By Alex Longley
Futures were steady after earlier adding as much as 0.5% in New York and are set for the biggest monthly increase since January. American crude stockpiles fell by 1.5 million barrels last week, according to a Bloomberg survey before government data on Friday. Jobless claims in the U.S. fell to a three-week low, reflecting a solid labor market in the world’s largest economy.
Oil is up about 12% this month after the U.S. and China made a breakthrough in their prolonged trade dispute and as the Organization of Petroleum Exporting Countries and its allies agreed to deepen output cuts. The American Petroleum Institute reported Tuesday that crude stockpiles dropped by 7.9 million barrels last week, according to Reuters. It would be the largest draw since August if confirmed by official data.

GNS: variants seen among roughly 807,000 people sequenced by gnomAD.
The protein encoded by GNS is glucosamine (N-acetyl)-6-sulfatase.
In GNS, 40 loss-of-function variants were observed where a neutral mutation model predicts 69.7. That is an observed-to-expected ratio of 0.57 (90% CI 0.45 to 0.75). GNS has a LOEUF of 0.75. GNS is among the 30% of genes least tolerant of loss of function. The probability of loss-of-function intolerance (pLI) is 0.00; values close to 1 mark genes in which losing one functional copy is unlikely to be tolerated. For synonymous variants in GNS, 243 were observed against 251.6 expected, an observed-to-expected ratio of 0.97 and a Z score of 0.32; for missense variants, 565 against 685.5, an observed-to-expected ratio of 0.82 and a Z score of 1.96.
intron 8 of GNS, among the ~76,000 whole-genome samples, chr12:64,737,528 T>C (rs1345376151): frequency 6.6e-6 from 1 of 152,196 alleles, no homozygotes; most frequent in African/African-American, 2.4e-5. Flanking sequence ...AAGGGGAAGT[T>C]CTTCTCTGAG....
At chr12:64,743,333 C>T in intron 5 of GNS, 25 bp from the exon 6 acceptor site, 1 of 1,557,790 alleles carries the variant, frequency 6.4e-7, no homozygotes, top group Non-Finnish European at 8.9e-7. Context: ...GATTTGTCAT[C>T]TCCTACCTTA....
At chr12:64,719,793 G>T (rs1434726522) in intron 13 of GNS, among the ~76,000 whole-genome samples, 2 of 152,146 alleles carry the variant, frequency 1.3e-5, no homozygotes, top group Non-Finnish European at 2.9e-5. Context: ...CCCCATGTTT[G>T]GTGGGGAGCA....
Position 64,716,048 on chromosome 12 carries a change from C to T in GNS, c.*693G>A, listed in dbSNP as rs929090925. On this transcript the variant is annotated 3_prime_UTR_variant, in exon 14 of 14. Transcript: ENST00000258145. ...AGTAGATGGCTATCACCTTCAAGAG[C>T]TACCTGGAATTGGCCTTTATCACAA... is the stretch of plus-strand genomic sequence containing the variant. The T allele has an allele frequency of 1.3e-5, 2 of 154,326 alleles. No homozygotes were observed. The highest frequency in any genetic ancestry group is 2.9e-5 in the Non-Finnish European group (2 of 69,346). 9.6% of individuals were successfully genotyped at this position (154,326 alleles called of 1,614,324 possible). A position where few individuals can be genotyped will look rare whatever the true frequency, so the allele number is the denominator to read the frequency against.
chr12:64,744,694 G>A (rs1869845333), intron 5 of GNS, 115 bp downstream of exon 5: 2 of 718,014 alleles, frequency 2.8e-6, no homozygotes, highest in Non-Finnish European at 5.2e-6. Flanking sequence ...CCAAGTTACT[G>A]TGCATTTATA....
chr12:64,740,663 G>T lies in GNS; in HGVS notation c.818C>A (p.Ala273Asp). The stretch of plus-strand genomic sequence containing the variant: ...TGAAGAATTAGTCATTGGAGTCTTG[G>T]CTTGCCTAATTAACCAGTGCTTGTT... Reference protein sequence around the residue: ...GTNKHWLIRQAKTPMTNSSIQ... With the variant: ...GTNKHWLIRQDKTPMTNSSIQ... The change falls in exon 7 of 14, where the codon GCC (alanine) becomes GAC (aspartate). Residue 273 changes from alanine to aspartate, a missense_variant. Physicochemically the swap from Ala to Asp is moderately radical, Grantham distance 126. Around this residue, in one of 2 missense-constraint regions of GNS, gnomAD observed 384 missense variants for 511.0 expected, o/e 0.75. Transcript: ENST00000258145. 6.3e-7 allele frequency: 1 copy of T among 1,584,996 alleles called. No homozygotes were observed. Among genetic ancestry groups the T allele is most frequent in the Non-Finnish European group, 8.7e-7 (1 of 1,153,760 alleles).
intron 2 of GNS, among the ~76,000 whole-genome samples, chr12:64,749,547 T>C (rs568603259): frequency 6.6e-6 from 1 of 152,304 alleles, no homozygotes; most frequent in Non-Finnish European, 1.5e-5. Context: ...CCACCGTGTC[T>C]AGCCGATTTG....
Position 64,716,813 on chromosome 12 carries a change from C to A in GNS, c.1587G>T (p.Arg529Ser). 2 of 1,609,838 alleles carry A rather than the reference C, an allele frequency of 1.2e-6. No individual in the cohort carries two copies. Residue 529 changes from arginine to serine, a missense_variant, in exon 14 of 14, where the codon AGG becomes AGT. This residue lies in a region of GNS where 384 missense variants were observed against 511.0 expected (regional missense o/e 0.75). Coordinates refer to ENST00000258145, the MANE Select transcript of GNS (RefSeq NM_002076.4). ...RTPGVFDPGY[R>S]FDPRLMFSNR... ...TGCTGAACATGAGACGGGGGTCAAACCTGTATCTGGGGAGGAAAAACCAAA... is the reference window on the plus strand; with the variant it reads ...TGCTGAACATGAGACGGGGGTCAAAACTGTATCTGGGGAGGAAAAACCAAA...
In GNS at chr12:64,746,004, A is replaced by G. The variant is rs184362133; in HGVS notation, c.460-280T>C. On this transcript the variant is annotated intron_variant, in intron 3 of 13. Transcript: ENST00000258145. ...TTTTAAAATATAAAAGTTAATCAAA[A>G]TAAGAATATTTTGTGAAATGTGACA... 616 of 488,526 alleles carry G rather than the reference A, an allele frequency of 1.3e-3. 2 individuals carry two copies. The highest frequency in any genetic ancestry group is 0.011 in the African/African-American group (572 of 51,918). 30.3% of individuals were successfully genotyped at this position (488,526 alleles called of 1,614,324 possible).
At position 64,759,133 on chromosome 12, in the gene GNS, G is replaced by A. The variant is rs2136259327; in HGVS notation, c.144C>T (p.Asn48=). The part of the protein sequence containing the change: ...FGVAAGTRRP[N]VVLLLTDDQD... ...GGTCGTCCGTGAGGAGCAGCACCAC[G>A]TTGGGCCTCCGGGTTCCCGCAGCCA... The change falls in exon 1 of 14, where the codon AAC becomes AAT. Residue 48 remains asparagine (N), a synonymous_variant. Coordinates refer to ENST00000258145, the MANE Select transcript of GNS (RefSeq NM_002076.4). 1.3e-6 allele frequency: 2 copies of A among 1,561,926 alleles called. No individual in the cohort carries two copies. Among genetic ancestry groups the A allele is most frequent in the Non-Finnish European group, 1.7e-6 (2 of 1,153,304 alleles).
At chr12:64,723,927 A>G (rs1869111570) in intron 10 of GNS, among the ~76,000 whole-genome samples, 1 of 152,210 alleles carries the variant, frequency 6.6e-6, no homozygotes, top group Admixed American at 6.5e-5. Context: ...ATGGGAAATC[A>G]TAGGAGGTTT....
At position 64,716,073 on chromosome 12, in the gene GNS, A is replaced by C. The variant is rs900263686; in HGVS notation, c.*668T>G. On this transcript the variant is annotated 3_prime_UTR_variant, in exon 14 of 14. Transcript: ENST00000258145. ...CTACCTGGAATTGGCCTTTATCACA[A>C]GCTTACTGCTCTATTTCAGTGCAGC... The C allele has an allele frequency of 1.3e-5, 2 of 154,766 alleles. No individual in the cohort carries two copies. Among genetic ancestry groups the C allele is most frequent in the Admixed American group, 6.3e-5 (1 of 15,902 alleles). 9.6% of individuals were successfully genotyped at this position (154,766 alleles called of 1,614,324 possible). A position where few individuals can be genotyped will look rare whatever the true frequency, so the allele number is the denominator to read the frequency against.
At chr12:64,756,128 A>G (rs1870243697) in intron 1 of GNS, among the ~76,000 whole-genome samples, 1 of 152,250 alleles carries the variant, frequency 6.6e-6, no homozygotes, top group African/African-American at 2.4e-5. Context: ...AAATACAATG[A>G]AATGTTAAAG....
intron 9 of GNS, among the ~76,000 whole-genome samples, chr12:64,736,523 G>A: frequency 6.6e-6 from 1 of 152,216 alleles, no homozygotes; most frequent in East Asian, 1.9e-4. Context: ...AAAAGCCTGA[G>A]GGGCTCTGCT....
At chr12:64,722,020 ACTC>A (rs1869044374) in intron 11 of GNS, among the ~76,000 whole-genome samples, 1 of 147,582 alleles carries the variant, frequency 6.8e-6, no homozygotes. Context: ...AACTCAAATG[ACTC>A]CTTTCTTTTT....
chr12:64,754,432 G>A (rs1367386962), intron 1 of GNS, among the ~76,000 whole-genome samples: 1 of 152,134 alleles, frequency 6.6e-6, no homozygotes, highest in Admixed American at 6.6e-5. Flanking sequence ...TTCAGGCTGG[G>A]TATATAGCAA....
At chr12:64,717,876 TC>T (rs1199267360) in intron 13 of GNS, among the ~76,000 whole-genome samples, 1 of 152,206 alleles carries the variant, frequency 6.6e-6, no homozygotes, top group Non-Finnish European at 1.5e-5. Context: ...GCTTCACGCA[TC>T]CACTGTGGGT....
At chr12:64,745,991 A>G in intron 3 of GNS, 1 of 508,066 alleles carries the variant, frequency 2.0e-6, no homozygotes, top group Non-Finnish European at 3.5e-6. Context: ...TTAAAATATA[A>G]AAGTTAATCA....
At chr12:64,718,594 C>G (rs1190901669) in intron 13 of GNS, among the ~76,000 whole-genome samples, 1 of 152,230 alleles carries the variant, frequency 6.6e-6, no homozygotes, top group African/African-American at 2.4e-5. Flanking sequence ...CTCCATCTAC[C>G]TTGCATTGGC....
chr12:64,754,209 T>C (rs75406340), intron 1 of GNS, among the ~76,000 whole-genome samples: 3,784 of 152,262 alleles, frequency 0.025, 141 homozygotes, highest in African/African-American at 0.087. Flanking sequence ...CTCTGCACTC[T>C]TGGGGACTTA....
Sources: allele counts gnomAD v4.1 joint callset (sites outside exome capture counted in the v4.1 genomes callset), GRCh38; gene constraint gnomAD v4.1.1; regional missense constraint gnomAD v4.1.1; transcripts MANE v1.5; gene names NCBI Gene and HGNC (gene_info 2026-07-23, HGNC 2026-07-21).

“Oil prices continue their holiday grind higher,” said Olivier Jakob, managing director of consultant Petromatrix GmbH. A “weekly stock draw could provide a final boost for the end-year print,” he added, referring to the government report.
West Texas Intermediate for February delivery rose 8 cents to $61.76 a barrel on the New York Mercantile Exchange as of 8:35 a.m. local time. Prices are heading for a fourth weekly advance, the longest run of gains since April.
Brent for February settlement climbed 5 cents to $67.97 a barrel on the ICE Futures Europe exchange. Prices are up about 9% this month. The global benchmark crude traded at a $6.22 premium to WTI.
The Energy Information Administration is forecast to report a second weekly decline in crude stockpiles, according to a Bloomberg survey of analysts. American inventories are shrinking, even as the nation pumps oil at near-record levels and shale explorers boost drilling. Separately, U.S. jobless claims dropped to 222,000 in the week ended Dec. 21 from 235,000 previously, according to Department of Labor figures released Thursday.
|Other oil-market drivers:|